I need the opposite of coffee. I used to get a solid 8 hours!
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    Oct 05, 2013 11:44 AM GMT
    images?q=tbn:ANd9GcQzQ2i3i4_ZDqy2mN4O6nv

    F20342-Krups-Coffee-Mill.gif

    727015100067.jpg
  • Posted by a hidden member.
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    Oct 05, 2013 3:07 PM GMT
    I've also used a French coffee press, they're pretty good, too.
  • MikeW

    Posts: 6061

    Oct 05, 2013 3:24 PM GMT
    I like thermal carafes. They keep the coffee hot for at least a couple hours after brewing without added heat (which causes the coffee to turn bitter). I used to have a really good one that was bought cheap but it was plastic and a friend with Alzheimer’s sat it on a hot stove (not the burner but a part of the stove where heat from the oven was coming up) and melted it. So, after several expensive failed attempts (why it is so difficult to design a coffee carafe that stays hot and actually lets the coffee into it as it is brewing is beyond my comprehension but apparently it is VERY VERY DIFFICULT), I found this one:

    61M5Ab6vgiL.jpg

    JC Penny has it for $60.
  • Posted by a hidden member.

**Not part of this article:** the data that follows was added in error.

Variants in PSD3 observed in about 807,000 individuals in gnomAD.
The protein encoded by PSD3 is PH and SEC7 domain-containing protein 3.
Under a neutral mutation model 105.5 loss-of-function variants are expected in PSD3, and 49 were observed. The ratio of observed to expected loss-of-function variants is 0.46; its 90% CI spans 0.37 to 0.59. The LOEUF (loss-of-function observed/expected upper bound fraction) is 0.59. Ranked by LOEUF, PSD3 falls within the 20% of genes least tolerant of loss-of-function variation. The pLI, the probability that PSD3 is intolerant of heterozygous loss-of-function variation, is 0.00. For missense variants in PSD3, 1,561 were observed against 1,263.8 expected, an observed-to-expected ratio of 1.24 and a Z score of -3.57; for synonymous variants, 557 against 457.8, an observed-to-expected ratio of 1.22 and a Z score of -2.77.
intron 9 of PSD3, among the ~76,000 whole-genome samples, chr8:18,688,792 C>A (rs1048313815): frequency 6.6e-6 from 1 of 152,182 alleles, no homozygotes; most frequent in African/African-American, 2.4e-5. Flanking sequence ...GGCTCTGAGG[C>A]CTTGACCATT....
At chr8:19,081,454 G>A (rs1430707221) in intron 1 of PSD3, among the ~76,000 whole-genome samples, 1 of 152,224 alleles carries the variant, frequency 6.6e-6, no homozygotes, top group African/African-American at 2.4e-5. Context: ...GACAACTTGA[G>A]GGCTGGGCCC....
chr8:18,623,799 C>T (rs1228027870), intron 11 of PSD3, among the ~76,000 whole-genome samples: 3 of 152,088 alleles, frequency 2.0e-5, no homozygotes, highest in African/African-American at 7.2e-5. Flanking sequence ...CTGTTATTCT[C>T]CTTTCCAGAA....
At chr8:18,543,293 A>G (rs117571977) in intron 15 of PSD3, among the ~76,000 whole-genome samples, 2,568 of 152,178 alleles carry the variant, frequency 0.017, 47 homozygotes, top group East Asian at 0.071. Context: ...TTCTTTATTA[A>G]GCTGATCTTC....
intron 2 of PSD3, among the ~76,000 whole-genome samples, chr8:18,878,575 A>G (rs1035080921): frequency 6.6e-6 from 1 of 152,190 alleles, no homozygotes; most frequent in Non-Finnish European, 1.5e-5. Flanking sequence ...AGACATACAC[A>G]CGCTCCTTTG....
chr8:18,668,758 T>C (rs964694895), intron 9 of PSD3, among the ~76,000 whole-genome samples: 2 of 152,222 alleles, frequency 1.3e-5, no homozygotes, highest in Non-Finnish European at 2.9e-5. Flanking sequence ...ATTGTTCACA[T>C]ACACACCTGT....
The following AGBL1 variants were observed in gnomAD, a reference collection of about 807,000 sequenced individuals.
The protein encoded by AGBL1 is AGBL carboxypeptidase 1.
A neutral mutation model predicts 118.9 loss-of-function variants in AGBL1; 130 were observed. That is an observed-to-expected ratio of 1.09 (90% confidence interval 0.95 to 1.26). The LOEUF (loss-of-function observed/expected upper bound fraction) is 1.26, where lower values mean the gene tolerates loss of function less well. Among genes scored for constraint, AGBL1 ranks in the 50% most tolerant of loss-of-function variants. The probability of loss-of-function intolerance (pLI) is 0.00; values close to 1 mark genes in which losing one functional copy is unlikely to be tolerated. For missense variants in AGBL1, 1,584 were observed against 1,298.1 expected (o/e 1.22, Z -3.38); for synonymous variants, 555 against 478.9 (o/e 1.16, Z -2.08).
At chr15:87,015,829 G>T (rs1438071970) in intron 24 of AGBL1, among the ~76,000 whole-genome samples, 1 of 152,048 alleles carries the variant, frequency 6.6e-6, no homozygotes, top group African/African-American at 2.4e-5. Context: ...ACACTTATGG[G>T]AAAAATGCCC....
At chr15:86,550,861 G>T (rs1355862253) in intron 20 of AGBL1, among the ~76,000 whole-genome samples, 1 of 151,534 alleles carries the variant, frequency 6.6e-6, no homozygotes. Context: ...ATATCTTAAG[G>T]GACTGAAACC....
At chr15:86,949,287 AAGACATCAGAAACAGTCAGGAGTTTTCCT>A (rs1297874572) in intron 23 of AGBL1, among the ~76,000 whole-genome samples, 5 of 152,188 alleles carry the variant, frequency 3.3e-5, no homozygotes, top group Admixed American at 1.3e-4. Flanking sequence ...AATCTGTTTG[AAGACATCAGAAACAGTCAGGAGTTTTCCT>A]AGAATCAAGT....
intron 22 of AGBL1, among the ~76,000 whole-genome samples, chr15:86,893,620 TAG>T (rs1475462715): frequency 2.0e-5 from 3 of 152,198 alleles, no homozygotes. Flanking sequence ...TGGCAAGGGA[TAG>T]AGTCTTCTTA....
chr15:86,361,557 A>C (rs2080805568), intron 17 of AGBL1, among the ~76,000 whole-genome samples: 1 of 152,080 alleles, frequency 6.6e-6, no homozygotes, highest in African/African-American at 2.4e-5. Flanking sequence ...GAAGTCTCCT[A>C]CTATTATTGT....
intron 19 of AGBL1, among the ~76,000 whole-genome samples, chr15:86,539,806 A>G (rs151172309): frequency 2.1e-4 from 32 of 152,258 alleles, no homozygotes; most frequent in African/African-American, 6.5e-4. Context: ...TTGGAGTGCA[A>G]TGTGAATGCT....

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    Oct 05, 2013 4:33 PM GMT
    Regarding turning coffee bitter, what would be the difference between adding heat to a glass pot or maintaining heat with a thermal one? Assuming a coffee maker doesn't blast heat from its hotplate, if both keep similar energy in the pot simply by different means, then how would taste results differ? And if so concerned with such subtlety of taste, then wouldn't steel have more of a chance of imparting an odd flavor than would glass?

    I considered stainless with the idea of not breaking glass on the rare occasion that my coffee making isn't timed well with my dishwasher loading, but I couldn't get my hand inside the thing to clean it so I found a Mr. Coffee in glass with a wide-mouthed pot on sale. I think I paid $30. Just looked and it sells for $40 now. It just has to heat water and drip through the grinds. All the electronics of a technologically advanced (what a fucking joke) is bullshit as far as I'm concerned.